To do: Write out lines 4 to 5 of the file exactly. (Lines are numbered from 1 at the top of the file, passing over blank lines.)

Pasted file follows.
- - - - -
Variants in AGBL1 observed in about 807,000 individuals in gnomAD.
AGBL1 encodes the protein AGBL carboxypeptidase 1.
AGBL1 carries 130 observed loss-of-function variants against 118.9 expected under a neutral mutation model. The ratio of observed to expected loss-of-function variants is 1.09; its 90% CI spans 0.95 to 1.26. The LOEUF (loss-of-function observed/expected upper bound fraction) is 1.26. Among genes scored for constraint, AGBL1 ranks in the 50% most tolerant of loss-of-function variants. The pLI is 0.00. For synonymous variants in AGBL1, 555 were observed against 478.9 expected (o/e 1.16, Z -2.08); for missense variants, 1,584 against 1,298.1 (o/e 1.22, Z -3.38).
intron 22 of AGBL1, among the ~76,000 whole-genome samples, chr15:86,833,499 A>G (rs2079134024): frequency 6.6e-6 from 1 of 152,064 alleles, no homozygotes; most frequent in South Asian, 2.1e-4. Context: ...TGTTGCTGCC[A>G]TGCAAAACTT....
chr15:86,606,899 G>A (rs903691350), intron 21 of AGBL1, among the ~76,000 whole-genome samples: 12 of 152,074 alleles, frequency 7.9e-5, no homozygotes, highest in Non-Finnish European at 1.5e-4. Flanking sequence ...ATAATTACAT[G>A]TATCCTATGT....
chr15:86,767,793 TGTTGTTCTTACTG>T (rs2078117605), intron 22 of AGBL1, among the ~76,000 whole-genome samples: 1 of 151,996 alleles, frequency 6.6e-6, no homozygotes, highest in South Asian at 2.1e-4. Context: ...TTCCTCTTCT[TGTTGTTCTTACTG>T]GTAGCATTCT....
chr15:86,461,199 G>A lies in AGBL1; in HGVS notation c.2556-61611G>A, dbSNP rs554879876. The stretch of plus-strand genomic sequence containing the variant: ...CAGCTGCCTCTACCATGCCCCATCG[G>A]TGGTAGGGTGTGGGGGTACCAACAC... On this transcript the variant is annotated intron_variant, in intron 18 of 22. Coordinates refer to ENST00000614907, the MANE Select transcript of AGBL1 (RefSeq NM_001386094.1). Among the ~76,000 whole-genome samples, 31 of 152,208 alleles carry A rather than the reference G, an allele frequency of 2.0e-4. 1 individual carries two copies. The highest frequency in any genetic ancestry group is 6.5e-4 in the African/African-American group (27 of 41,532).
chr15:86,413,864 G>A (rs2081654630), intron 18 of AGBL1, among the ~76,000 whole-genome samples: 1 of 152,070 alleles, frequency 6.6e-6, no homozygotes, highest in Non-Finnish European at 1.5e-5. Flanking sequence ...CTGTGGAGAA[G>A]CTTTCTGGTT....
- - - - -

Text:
intron 22 of AGBL1, among the ~76,000 whole-genome samples, chr15:86,833,499 A>G (rs2079134024): frequency 6.6e-6 from 1 of 152,064 alleles, no homozygotes; most frequent in South Asian, 2.1e-4. Context: ...TGTTGCTGCC[A>G]TGCAAAACTT....
chr15:86,606,899 G>A (rs903691350), intron 21 of AGBL1, among the ~76,000 whole-genome samples: 12 of 152,074 alleles, frequency 7.9e-5, no homozygotes, highest in Non-Finnish European at 1.5e-4. Flanking sequence ...ATAATTACAT[G>A]TATCCTATGT....